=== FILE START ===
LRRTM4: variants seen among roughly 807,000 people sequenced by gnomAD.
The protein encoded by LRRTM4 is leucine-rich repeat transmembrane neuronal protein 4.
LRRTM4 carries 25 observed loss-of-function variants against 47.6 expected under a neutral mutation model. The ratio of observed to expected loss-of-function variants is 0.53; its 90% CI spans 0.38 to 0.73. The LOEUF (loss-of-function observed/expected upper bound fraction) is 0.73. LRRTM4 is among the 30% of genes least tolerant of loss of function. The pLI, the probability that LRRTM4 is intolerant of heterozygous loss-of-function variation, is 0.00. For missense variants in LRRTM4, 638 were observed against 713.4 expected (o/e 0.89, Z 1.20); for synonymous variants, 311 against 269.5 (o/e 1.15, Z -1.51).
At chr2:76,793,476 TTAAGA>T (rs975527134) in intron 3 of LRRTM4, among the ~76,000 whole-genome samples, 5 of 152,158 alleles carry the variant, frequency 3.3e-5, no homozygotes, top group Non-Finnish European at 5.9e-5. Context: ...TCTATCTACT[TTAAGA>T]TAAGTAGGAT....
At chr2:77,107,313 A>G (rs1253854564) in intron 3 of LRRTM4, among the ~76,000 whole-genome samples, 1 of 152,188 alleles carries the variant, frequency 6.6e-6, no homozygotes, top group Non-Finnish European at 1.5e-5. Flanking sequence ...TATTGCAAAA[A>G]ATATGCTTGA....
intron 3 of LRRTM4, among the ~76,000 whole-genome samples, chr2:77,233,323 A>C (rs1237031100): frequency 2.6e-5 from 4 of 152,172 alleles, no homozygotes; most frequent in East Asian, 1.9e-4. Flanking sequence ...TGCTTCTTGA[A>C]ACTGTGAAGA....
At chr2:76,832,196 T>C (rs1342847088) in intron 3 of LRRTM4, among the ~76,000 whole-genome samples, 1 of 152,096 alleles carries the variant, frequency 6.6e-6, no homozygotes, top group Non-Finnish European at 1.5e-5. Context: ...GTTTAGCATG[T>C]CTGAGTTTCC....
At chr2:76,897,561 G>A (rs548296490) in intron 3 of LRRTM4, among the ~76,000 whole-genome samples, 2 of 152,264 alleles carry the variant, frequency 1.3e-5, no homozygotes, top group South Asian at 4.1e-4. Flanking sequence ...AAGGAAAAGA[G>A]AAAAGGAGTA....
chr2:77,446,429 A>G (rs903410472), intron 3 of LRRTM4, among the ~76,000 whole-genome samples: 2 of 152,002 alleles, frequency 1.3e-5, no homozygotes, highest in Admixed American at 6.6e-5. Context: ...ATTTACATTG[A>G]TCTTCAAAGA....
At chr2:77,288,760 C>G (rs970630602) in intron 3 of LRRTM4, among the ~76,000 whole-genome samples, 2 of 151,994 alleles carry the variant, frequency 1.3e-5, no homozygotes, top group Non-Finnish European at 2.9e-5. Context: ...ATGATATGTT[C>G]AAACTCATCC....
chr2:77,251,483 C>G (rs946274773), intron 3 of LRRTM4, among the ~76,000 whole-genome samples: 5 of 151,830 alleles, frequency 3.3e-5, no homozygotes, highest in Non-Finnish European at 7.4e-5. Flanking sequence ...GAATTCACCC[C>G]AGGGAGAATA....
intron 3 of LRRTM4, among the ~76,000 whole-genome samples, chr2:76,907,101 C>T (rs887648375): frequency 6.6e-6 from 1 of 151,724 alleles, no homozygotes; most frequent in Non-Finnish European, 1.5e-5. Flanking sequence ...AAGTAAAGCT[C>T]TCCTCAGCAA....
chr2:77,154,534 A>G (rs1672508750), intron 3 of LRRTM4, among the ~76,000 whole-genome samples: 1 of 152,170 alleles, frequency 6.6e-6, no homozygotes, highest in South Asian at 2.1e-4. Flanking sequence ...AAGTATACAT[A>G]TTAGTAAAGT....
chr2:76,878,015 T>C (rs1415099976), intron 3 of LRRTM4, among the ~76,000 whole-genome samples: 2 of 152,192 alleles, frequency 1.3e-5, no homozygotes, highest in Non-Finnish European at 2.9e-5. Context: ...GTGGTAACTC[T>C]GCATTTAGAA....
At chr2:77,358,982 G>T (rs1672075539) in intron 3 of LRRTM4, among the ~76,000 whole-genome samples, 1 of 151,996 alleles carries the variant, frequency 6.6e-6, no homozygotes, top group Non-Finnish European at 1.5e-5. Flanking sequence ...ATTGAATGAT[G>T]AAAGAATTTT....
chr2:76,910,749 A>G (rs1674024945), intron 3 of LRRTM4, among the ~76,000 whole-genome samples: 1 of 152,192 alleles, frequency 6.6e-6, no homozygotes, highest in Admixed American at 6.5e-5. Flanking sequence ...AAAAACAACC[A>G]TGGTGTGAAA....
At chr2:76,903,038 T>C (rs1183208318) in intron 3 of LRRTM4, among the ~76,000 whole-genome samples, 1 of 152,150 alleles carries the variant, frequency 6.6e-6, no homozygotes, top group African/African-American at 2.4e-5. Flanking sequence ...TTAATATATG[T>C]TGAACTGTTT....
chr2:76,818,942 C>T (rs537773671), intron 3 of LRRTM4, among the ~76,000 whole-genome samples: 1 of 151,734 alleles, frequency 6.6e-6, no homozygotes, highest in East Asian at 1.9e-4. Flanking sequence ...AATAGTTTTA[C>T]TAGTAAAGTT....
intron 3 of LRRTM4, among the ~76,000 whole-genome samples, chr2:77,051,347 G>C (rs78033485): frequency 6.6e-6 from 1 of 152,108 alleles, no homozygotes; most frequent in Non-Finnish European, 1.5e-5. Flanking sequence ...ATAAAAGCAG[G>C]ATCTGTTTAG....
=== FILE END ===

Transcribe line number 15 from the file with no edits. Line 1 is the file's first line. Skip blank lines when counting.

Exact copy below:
At chr2:77,358,982 G>T (rs1672075539) in intron 3 of LRRTM4, among the ~76,000 whole-genome samples, 1 of 151,996 alleles carries the variant, frequency 6.6e-6, no homozygotes, top group Non-Finnish European at 1.5e-5. Flanking sequence ...ATTGAATGAT[G>T]AAAGAATTTT....